I referred in my last message to Spring St (the northern end of the government road between c/a 11b and Mains Estate getting its name from the nearby creek. It is officially named Steeles Creek but one of its tributaries was Spring Creek in Tullamarine which gave the name to the Fosters' "Springs" and several farms to the south such as Spring Park, Springfield, James Wilson's Spring Farm on Main's Estate and James Robertson's Spring Hill (later renamed Aberfeldie after his mansion.) The areas near the creek in Tullamarine (e.g. David O'Niall's Lady of the Lake Hotel) and Mains Estate were both called Springs or The Springs circa 1850 but this caused confusion so the latter area was then referred to as Springfield. South of Buckley St, the creek was/is referred to as Rose Creek, hence the name of Dugald McPhail's "Rosehill" farm and the name of the eastern continuation of Dinah Pde.
The creek bisects Main's Estate and as stated earlier, most early quarrying was done on the banks of creeks. (I really should have written streams. George Spottiswoode, after whom Spotswood is named, took stone quarried near the Saltwater River along that river to Melbourne. I wouldn't mind betting that John Dick had earlier been quarrying on the Merri (Rocky) Creek before he established or took over the quarry on (near) Keilor road.)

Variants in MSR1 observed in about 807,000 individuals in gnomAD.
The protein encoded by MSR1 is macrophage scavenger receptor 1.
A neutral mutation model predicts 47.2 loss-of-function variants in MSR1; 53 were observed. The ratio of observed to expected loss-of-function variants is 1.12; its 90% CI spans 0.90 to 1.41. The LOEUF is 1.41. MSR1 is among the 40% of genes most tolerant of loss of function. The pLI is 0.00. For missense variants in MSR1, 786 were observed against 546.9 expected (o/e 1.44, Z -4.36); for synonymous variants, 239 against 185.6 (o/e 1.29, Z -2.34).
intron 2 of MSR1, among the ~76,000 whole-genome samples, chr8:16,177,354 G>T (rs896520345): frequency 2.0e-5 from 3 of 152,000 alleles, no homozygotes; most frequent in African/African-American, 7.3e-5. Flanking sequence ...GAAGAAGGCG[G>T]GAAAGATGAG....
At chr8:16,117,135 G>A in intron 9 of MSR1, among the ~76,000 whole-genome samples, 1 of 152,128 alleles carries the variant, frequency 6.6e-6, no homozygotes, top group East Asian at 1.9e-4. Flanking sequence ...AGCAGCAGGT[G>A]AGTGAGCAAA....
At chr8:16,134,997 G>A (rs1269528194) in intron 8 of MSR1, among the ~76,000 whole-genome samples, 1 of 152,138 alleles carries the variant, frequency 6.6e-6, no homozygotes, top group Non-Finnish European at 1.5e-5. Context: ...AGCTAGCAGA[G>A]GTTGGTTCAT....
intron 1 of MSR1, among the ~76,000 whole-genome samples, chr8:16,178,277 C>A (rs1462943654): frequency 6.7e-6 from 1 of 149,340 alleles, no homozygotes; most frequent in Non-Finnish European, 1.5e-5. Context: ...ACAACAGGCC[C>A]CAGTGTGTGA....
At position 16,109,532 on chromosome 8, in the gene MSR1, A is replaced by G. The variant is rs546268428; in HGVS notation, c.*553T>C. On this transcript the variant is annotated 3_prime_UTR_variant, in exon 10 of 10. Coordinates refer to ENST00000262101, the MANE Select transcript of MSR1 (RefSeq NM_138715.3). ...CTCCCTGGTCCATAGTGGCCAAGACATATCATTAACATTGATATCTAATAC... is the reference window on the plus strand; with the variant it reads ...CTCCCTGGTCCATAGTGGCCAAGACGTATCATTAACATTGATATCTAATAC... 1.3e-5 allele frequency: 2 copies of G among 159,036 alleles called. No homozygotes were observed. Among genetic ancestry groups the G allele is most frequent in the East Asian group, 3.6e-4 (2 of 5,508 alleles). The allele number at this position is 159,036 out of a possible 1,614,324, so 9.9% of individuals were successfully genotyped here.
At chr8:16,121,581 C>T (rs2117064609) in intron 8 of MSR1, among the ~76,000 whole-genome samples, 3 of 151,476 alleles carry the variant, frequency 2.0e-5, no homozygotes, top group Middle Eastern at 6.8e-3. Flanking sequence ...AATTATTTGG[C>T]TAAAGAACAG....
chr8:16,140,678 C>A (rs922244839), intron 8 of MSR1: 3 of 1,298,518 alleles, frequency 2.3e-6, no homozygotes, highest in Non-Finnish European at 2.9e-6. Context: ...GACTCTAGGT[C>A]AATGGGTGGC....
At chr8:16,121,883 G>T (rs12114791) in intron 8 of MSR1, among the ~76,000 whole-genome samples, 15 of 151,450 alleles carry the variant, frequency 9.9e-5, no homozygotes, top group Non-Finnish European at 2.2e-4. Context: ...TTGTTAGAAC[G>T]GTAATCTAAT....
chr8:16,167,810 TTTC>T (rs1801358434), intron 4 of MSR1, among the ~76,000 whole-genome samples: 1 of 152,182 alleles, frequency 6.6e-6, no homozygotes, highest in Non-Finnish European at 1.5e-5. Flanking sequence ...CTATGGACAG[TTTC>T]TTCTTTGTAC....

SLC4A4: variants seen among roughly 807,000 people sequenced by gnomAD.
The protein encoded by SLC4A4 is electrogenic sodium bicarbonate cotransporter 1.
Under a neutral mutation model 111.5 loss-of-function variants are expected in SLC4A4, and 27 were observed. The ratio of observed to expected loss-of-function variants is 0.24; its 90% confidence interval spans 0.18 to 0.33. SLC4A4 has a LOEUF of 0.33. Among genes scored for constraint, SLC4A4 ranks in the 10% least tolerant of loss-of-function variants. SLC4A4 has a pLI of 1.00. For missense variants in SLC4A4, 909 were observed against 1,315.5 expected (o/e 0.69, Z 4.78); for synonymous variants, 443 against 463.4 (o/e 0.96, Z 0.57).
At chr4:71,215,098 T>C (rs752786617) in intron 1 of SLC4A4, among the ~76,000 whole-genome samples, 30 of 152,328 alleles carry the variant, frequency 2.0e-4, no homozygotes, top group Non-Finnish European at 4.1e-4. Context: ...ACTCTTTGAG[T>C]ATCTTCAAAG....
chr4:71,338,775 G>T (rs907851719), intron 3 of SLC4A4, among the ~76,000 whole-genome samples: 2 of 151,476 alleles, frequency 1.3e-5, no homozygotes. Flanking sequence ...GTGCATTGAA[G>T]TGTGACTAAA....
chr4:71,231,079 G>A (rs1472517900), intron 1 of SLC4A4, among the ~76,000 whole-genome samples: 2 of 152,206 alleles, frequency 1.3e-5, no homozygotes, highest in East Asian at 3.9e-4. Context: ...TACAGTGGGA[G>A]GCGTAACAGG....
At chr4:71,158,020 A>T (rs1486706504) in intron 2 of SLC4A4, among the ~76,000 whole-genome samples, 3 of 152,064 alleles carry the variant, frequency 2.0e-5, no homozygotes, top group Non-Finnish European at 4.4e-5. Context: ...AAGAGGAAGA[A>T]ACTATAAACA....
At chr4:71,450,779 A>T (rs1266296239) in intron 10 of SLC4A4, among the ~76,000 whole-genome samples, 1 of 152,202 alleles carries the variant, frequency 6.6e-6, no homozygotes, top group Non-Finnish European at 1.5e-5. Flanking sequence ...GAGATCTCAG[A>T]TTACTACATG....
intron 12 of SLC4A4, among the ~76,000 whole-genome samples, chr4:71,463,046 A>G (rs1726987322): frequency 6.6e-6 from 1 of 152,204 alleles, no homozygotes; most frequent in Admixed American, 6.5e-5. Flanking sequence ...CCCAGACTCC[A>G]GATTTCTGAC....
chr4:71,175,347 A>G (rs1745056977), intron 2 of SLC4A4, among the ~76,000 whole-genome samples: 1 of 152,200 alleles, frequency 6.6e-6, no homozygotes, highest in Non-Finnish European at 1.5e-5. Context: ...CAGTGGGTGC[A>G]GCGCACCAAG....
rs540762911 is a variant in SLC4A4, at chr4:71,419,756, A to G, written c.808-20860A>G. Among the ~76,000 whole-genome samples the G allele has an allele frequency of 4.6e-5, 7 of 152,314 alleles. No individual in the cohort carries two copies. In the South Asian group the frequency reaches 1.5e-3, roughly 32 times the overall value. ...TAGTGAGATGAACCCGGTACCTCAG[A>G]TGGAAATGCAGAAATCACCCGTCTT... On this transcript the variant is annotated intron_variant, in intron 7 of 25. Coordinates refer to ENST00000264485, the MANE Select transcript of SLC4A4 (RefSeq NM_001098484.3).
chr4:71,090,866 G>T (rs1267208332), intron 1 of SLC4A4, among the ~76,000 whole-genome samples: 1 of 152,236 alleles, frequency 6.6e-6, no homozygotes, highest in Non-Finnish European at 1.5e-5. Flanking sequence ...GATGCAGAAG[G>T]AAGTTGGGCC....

This journal results from an overlong aside in my SHIRE OF FLINDERS journal about non-councillors who were involved in a meeting about the Flinders and Kangerong Farmers' Union. As not much seems to have been written about the Boag family genealogy, I took the opportunity to add some information but as the Shire of Flinders journal is primarily about council matters and details about the councillors, I thought it best to paste the present information here (where I can add more) and leave only a summary, directing Boag researchers to this journal.